Summer Theatre Fest Readings Every Monday Across Region

If there was any doubt about the myth that theater becomes sparse and moribund during the summer, it’s certainly debunked this year. Get an early look-and-listen to works in progress by local playwrights every Monday night for 18 weeks beginning June 3 at theater across four counties through the South Florida Theatre League/WLRN ‘s Summer Theatre Fest Reading Series. Admission is free and reservations are not needed to the works offered up by unknown newcomers, oft-produced writers like Christopher Demos-Brown, Juan C. Sanchez and David Sirois, as well as folks with day jobs as directors, journalists, critics and actors.

First up is the Stages of the Sun series at 7:30 p.m. every Monday beginning June 3, at the Broward Center for the Performing Arts, 201 SW 5th Ave. in Fort Lauderdale. For eight weeks, a different one-act play will be offered from local writers Mary Damiano, Anne Dichele, Barbara Fox, Marsha Meyers, Catherine Pearson, Michael Rutenberg, Tere Starr and David Victor.

Other plays slated in other venues are:

June 10, 8 p.m.
The Road To Remsenburg by Carol White
hosted by Main Street Players, 6766 Main Street, Miami Lakes

June 17, 7:30 p.m.
Buck Fever, by Juan C. Sanchez
hosted by YoungArts Campus, 2100 Biscayne Boulevard, Miami
A Carbonell-nominated play first produced by Promethean Theatre along with his Red Tide.

June 24, 7:30 p.m.
 A Palm Beach Story by Jack Staub
hosted by The Plaza Theatre, 262 S. Ocean Blvd., Manalapan
A fun-filled valentine to the Palm Beach of just a few years ago, when madras and Lilly were king and queen, mothers were much married, and young hearts were powerfully susceptible to the subtle urgings of a pink and gold Palm Beach sunset. Set against such iconic backdrops as The Breakers, The Society of The Four Arts, The B&T, and The Everglades Club, things turn out to be not exactly as they seem as Palm Beach wedding bells begin to chime. But, as in the best of tales, all ends well, floated atop a giddy cocktail of wit, love, and laughter.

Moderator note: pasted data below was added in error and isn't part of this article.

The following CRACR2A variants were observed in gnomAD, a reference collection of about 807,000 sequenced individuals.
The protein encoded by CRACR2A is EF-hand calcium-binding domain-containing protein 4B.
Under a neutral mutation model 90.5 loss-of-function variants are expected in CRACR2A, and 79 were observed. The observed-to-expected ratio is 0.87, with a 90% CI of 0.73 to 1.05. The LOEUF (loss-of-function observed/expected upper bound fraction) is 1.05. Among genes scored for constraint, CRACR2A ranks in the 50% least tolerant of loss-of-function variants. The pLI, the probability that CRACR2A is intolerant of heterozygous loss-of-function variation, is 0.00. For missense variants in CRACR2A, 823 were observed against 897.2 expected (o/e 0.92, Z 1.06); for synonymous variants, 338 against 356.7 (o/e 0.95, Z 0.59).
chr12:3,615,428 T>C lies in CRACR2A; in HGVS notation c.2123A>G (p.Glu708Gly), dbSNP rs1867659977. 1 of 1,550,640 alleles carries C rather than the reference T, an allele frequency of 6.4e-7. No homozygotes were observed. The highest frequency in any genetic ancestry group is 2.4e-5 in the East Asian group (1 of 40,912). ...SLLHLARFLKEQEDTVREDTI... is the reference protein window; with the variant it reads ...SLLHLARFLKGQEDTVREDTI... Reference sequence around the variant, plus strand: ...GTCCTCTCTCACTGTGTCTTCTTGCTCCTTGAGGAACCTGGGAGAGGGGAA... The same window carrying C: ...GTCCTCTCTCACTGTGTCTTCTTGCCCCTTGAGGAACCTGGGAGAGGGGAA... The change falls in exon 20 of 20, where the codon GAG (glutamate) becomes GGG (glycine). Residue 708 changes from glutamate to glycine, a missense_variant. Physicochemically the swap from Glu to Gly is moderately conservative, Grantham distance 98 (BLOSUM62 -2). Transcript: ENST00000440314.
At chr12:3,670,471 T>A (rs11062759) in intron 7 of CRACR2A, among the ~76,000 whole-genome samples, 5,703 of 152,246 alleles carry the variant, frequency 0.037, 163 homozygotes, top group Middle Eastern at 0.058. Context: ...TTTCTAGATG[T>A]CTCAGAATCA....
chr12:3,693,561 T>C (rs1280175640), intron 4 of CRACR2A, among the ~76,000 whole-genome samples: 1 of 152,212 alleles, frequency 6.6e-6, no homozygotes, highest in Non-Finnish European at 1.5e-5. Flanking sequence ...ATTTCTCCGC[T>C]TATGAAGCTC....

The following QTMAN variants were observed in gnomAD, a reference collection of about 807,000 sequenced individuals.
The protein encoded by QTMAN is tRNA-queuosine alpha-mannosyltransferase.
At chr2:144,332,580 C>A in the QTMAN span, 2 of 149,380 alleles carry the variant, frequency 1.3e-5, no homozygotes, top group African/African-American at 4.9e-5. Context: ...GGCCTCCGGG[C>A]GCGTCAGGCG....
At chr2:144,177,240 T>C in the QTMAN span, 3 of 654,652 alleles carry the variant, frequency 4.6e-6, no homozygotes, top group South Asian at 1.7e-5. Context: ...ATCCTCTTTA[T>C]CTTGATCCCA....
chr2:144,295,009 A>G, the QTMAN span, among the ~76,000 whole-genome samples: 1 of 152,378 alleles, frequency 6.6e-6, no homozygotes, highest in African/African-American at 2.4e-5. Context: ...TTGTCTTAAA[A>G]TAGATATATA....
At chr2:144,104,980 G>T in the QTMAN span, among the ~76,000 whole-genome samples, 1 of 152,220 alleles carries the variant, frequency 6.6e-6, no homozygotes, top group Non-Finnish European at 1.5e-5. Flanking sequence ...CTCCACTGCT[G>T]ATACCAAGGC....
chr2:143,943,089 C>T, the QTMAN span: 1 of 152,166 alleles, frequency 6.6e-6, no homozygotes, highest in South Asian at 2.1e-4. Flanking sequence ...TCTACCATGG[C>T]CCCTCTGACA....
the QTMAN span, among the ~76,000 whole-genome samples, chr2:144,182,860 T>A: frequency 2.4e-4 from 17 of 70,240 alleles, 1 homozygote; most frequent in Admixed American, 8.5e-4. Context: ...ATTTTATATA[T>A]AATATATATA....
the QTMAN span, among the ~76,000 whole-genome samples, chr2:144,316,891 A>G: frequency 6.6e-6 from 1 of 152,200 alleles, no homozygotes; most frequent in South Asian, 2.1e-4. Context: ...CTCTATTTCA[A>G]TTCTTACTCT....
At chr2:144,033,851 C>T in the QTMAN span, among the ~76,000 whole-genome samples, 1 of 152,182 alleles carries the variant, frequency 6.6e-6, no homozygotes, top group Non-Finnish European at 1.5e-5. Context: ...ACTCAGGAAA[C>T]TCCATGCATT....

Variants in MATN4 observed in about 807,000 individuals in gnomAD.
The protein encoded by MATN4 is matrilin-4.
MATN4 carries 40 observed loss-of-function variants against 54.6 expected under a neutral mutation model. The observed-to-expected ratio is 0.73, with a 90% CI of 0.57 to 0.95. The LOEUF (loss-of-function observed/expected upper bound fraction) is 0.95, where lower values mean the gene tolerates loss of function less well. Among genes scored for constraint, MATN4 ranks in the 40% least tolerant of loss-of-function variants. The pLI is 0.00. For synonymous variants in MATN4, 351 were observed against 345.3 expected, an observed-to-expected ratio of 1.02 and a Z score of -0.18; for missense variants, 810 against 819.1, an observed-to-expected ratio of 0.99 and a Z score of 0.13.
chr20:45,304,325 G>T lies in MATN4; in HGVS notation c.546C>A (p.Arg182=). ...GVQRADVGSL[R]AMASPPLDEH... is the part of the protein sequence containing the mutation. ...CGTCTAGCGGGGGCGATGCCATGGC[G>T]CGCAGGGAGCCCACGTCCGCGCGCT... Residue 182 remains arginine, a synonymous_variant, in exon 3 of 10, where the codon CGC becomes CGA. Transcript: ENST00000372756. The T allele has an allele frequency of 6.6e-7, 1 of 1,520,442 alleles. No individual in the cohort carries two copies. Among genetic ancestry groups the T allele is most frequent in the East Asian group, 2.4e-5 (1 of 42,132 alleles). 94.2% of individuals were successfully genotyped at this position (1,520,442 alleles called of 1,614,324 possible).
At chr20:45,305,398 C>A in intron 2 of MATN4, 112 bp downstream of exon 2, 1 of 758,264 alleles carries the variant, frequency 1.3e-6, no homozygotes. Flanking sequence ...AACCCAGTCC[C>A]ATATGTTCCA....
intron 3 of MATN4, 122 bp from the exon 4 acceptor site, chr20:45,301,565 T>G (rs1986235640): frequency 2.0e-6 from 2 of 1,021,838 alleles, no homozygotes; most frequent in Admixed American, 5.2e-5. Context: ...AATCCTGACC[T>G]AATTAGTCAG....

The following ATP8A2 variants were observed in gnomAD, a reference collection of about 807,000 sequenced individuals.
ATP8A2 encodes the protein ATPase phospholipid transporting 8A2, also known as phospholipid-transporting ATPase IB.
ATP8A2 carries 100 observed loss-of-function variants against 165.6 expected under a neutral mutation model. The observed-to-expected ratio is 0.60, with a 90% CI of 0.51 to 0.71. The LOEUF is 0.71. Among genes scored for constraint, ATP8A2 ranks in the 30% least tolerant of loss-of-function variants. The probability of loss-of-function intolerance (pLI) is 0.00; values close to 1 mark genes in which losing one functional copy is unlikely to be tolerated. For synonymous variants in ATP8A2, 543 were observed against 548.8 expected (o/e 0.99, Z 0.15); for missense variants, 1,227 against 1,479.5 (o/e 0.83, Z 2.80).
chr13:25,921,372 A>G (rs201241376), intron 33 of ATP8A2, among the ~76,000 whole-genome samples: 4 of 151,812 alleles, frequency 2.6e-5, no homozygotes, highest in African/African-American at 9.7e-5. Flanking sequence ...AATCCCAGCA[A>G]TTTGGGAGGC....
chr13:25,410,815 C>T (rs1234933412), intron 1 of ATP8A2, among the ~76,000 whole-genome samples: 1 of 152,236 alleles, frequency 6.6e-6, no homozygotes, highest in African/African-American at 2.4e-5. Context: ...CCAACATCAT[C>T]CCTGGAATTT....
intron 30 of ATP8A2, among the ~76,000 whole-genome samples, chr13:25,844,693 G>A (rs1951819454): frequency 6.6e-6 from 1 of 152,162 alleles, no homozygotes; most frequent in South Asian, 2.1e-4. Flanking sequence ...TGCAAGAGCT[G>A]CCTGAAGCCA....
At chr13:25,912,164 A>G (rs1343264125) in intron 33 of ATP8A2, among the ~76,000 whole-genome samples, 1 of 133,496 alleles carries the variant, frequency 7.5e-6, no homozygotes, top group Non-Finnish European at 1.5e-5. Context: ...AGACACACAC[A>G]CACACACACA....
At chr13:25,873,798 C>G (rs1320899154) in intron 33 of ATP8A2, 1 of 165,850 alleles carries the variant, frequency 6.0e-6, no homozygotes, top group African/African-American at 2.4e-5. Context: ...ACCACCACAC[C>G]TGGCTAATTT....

June 24, 8 p.m.
Crashfest: A collection of One Act Plays which at 20 meters becomes the portrait of a Vampire Hunter by James Carrey
hosted by Crashbox Theatre in Association with Empire Stage, 1140 N Flagler Drive, Fort Lauderdale
James Carrey’s CRASHFEST explores love, perspective, desire, women’s health, infatuation, You Tube, government espionage, musical numbers, bank heists and ice cream. All of these plays were written between 2010 and 2012 and feature of variety of different genres and styles, yet at their heart all have the Crashbox Theatre Company mission statement at their core: Providing theatre goers with work that is meant to enlighten, educate, and entertain.

July 1, 7:30 p.m.
The Gift by Michael Leeds
hosted by Parade Productions, The Studio at Mizner Park, 201 Plaza Real 2nd Floor, Boca Raton.
A young man and woman are stuck in adjoining elevators only to discover that they might actually be trapped in each other’s dream. Sometimes nightmares can be A Gift!

July 1, 8 p.m.
Moment of Grace by Bob Bowersox
hosted by TheatreXP, performing at Red Barn Theatre, 319 Duval Street, Key West
When three life-long friends meet at an Irish pub to toast the passing of a fourth, they find themselves confronted with a surprising and unexpected truth about the man, and each is forced to consider what love is to him and how he relates to it.